scott howard graphic design writing and editing photography video about contact

August 2008

Dead or Alive

Wanted hits the big screen with style to spare

Though Hollywood is gobbling up comic book properties left and right, Mark Millar’s Wanted doesn’t seem a likely candidate for a summer blockbuster. It’s too dark, too complicated. People like their comic book movies with heroes, and Wanted doesn’t have any. Literally. Dubbed “the Watchmen for super-villains” by The Sunday Times, it’s set in a world where the bad guys defeated the good guys long ago. Supervillains run everything through a secret cabal called the Fraternity and the rest of society lead monotonous lives as dreary cube-dwellers. The 2004 six-issue series followed the sullen Wesley Gibson, whose banal existence is forever changed when a foxy lady named The Fox informs him that his master hitman father (called The Killer, gotta love the names here) is dead and young Wes is expected to take up his mantle. He does so, not out of a desire to save the world, but out of selfishness and greed. Obviously, we’re a long way from Spider-Man territory.

Then again, the “white collar bore thrust into a violent counterculture” plot worked wonders for Fight Club and The Matrix, so maybe it’s not that far off. Universal certainly thinks they’ve got something special on their hands, giving it a huge vote of confidence by moving the release date from a low profile spring slot to smack dab in the middle of summer. After a few revisions in the interest of making the material more palatable to mainstream audiences—“supervillains” are now “assassins” who act in a hazy realpolitik-esque interest of the greater good instead of an evil quest for power—Wanted has all the makings of a dark horse summer hit.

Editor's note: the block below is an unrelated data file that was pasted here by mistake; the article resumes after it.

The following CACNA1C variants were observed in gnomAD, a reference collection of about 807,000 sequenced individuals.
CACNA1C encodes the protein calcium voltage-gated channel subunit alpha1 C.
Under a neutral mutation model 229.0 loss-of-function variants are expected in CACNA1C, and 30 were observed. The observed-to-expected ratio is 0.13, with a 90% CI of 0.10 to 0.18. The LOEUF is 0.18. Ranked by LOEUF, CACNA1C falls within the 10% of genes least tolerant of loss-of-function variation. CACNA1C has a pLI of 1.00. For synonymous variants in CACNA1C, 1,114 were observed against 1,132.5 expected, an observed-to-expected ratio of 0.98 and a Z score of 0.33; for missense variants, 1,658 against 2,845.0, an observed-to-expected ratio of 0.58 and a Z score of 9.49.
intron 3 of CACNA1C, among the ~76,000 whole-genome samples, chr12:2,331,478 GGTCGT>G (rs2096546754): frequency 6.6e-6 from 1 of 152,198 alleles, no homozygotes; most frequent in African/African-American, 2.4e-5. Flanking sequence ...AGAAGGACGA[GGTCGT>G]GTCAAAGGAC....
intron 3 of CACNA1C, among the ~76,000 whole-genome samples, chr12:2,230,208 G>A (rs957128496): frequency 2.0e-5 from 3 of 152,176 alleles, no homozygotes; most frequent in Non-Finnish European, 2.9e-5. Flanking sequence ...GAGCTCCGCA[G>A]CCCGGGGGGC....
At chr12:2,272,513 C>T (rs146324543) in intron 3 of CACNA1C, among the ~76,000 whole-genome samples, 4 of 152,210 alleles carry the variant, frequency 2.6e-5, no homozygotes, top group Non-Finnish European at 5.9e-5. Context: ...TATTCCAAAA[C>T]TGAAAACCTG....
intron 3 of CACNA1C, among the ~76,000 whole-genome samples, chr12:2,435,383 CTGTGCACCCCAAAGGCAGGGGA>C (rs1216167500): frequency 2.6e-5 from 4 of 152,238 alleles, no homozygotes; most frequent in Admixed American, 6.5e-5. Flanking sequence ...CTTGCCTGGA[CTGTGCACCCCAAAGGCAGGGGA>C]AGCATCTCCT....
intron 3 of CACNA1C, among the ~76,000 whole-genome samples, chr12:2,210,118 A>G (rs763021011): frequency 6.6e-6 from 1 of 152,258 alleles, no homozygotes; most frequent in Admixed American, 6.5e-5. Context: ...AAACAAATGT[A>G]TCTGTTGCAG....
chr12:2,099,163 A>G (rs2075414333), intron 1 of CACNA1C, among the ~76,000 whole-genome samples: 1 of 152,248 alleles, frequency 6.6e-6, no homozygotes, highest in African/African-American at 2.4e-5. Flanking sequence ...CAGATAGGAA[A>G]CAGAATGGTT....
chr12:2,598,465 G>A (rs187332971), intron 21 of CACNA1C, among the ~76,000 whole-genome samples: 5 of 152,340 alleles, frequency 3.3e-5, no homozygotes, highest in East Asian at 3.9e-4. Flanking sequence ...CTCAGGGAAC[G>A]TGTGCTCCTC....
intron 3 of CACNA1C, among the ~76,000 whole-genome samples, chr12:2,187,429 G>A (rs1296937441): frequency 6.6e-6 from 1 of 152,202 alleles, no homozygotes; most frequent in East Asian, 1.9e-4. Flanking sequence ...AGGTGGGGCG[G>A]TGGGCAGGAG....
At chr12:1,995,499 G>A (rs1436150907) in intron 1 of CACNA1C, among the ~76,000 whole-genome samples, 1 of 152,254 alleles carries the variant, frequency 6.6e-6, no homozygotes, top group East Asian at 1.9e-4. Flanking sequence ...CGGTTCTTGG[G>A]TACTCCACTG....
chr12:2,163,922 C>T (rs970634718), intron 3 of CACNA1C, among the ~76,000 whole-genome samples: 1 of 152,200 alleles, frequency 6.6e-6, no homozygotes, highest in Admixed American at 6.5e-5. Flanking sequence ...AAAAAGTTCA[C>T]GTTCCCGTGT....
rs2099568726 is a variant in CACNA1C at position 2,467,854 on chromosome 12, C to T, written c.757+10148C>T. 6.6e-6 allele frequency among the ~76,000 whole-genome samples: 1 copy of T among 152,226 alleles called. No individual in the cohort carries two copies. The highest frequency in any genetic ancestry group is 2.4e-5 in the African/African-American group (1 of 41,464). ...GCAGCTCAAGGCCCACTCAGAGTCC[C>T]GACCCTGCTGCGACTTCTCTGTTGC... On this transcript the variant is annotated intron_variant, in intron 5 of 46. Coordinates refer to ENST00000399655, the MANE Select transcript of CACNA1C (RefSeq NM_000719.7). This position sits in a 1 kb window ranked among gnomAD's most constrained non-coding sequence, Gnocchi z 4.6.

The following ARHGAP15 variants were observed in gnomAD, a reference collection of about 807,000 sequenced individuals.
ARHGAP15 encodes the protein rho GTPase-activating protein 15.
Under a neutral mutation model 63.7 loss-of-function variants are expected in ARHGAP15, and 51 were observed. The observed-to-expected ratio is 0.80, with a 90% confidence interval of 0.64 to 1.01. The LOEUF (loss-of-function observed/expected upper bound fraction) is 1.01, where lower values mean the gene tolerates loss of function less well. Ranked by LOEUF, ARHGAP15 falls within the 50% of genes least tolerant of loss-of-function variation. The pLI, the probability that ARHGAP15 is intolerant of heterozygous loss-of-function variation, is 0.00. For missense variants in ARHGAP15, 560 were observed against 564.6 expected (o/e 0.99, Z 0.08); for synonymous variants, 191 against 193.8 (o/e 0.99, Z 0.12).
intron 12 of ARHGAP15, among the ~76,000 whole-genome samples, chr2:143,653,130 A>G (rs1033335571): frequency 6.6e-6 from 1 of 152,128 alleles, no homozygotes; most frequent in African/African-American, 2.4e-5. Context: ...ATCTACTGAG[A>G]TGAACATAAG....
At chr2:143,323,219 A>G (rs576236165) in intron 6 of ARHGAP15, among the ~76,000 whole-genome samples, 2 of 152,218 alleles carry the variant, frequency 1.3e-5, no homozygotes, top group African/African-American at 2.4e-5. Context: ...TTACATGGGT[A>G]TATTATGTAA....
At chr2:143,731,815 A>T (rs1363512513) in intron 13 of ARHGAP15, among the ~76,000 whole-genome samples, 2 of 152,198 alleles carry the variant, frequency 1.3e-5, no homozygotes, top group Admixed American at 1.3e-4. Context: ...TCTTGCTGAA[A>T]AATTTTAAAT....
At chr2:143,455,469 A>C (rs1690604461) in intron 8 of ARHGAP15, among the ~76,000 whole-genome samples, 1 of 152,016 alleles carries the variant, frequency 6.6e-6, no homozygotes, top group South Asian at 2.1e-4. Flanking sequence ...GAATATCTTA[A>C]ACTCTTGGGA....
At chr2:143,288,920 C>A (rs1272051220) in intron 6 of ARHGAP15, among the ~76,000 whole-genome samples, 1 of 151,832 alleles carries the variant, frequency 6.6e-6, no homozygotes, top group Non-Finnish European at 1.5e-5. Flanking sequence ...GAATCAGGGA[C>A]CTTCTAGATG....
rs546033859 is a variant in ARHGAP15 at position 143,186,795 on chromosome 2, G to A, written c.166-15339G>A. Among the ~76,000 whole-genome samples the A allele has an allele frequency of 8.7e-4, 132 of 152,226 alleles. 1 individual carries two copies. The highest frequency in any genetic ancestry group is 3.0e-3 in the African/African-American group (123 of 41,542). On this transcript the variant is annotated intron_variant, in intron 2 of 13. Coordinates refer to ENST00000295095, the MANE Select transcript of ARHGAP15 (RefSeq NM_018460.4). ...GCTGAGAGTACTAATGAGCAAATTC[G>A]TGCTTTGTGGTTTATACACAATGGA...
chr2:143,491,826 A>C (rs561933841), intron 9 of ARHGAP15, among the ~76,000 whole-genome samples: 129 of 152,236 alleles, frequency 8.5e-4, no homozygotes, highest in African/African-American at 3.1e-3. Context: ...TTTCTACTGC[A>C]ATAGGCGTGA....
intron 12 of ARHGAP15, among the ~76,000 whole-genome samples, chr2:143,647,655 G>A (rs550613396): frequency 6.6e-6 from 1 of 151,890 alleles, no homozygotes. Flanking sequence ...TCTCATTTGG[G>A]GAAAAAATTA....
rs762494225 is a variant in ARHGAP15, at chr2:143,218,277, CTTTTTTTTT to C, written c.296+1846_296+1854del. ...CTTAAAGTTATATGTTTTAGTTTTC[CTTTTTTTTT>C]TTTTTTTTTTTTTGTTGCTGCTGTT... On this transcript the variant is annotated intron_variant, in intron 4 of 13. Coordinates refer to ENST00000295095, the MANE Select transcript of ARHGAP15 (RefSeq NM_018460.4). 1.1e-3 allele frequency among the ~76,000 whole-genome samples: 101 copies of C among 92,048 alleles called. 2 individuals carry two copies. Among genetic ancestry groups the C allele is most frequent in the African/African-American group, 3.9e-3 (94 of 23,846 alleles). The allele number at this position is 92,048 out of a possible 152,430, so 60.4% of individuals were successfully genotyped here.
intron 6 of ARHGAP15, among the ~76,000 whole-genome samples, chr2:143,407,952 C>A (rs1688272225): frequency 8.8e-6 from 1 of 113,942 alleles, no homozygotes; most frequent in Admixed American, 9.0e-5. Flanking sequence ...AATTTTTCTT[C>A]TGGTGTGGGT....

Director Timur Bekmambetov, the Kazakhstani mastermind behind the extraordinary Night Watch trilogy (he’s currently gearing up for the final installment, Twilight Watch), has been involved with the project from its infancy, insuring that his unique stamp would be on every frame. And boy, is it unique. “It is like 100 ideas are going on inside my brain, all fighting to come out,” he explains. “What happens is this makes a new style, maybe something that no one has seen before. I want to put the audience in the action—in the middle—so that they go on a journey with the character, not just sit and watch.” The execs were hardly the soulless penny-pinchers you’d expect from the moneybags behind a highly-acclaimed European auteur’s first English-language project. Producer Jim Lemley says they brought Bekmambetov on board precisely for his singular vision. “We spent two years getting from the first draft of the script to the shoot. It was important for us to push through a comfort level of what had been seen on film before and come up with ideas—no matter how outlandish they seemed on paper—that could visually blow the audience away.”

Bekmambetov gladly complied, dreaming up loads of elaborate setpieces that are sure to astonish moviegoers. Chief among these is the Loom of Fate, a literal representation of the balance the Fraternity seeks to preserve. The Loom weaves fabric that holds a complex code; flaws in its work are indicative of a flaw in the universe, which is spelled out through a binary pattern deciphered from reading the fabric’s weft and warp. Then a member of the Fraternity dispatches that flaw with acrobatic feats of assassinry, including bullets that travel for miles and can change direction in mid-air (it’s a movie, people, don’t get all logical on me). A little far-fetched, sure, but not really that far off from other religious traditions and notions of fate, according to producer Mark Platt. “In the Old Testament, there is a whole system of numerology where words are prescribed numbers and those numbers represent a code. In many ways, the mythology created for this film is no different.”